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2008 Africa - Telecoms, Mobile and Broadband in Lesotho, South Africa and Swaziland

This report provides a comprehensive overview of the trends and developments in the telecommunications markets of three African countries: The continent’s leading market, South Africa, as well as its two neighbours, Lesotho and Swaziland. Subjects covered include:

  • Key statistics;
  • Market and industry overviews;
  • Regulatory environment and structural reform;
  • Major players (fixed, mobile and broadband);
  • Infrastructure development;
  • Mobile voice and data markets;
  • Average Revenue per User (ARPU) trends;
  • Internet, including broadband development;
  • Convergence (voice/data, fixed/wireless/mobile).
Researcher:- Peter Lange Current publication date:- December 2008 (7th Edition) Next publication date: - December 2009


South Africa is the economic powerhouse and leading telecommunications market of the African continent. At around 100% market penetration, the country’s mobile operators are forced to find innovative ways of distinguishing themselves from the competition in order to gain and retain customers, save costs and develop new revenue streams. Their entry into the Internet sector with 3G/HSPA mobile broadband services, combined with media and entertainment content is one way of achieving this. Another is the rollout of fibre optic national backbone networks in competition with other infrastructure providers. The arrival of new international submarine fibre optic cables to the region in 2009 will bring down the cost of international bandwidth dramatically. The small kingdoms of Lesotho and Swaziland, although landlocked and largely dependent on their powerful neighbour, are expected to benefit from these developments as well.

South Africa boasts the continent’s most advanced telecom market in terms of technology deployed and services provided. Following years of delays with its licensing, the second national operator Neotel has finally launched services in competition to Telkom SA, using wireless technologies such as CDMA and WiMAX to provide alternatives to the incumbent’s copper access network. Billions of dollars are being invested in IP-based next-generation networks capable of delivering converged services more efficiently. In addition, the government has created InfraCo, a national infrastructure company to provide cheap backbone network capacity to service providers, and the mobile operators are rolling out their own national fibre optic backbone networks. Despite this significantly increased competition on the infrastructure level, many municipalities are implementing their own fibre and wireless broadband networks, including all of the major metro areas.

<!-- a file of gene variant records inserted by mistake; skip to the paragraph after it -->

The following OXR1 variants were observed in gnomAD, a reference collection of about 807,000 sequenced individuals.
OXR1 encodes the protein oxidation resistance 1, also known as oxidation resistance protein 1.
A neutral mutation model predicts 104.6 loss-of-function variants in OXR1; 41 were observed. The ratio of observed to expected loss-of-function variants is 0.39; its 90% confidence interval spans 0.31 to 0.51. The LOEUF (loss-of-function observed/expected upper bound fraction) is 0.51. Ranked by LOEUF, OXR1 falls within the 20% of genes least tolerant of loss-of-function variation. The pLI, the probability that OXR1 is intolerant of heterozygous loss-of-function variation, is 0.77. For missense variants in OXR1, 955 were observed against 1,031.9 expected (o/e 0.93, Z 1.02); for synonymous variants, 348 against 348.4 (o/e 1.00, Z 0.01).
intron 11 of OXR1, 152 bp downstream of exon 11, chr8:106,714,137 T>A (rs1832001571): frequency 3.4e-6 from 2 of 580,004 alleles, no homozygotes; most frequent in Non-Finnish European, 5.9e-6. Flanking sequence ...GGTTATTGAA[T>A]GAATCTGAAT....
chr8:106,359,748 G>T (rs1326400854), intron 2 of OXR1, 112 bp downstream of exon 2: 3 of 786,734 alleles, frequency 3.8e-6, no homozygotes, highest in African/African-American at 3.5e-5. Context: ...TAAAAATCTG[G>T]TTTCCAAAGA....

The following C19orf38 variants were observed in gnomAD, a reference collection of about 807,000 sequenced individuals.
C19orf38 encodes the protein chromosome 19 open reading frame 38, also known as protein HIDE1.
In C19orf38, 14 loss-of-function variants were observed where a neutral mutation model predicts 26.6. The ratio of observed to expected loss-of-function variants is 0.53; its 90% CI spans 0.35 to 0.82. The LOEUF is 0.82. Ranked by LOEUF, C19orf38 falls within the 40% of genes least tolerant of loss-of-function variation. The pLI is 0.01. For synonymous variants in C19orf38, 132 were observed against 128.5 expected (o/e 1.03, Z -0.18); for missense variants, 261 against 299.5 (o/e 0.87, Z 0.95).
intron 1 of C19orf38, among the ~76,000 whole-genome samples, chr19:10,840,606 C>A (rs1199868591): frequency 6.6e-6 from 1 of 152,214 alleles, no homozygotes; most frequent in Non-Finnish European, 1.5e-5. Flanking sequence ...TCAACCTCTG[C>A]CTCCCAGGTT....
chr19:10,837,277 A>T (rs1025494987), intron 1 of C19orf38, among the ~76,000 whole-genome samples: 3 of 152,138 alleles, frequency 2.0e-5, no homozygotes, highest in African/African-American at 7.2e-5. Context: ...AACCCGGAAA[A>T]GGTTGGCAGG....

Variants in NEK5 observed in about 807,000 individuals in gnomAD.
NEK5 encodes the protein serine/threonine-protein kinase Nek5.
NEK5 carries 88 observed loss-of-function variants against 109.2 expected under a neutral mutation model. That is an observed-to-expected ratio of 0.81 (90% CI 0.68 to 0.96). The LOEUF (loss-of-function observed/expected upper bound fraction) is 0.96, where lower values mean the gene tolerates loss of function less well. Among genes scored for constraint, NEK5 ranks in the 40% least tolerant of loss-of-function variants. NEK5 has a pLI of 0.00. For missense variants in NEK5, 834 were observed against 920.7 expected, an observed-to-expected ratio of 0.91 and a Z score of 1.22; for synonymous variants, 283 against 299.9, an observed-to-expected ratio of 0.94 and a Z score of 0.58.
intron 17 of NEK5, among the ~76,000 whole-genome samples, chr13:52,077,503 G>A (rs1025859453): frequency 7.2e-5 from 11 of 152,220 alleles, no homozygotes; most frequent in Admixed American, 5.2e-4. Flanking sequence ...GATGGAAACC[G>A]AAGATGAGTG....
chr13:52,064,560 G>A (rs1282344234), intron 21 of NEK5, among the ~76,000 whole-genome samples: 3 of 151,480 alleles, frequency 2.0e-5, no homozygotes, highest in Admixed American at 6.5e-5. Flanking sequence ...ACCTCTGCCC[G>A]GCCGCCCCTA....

SA’s Internet and broadband market is finally taking off after years of stagnation due to an expensive operating environment created by Telkom’s dominance in the fixed-line and bandwidth market. The arrival of new international submarine fibre optic cables to the country’s shores in 2009 will bring down the cost of international bandwidth dramatically. With mobile market penetration at around 100%, South Africa’s mobile network operators are seeking new revenue streams from entering the broadband sector. Their 3G/HSPA mobile data services now rival available ADSL offerings in terms of both speed and price, and consequently subscriber numbers. With its fixed-line network reaching only 10% of the population, Telkom has reacted by launching its own 3G network and the country’s first commercial WiMAX wireless broadband service, but various competitors are hard on its heels rolling out the same technology.

This, in combination with sweeping liberalisation measures initiated four years earlier, legalising - among other things - the use of VoIP, is beginning to change South Africa’s telecoms landscape fundamentally. Under the new regulatory regime, alternative service providers are pushing into the market with converged services. VoIP revenue was expected to triple in 2008. ISPs are turning into phone companies, and vice versa. Both are moving into delivering media, entertainment and lifestyle content over their networks, while in turn the traditional electronic media carriers are discovering the potential of their infrastructure for telecommunications service delivery. For the country overview, see chapter 2, page 12.

Telecommunications in Lesotho has undergone transformation from a state-owned monopoly to a privatised national operator, with competition in the mobile sub-sector between two networks, Vodacom and Econet. At around 25%, mobile market penetration is still below the African average. The use of wireless technology and fixed-mobile convergence has led to an accelerated increase of teledensity. Various forms of broadband Internet access are available. Although landlocked, Lesotho is set to benefit from the greater choice of international bandwidth sources that the arrival of several submarine fibre optic cables to the African east coast will bring in 2009. For the country overview, see chapter 1, page 1.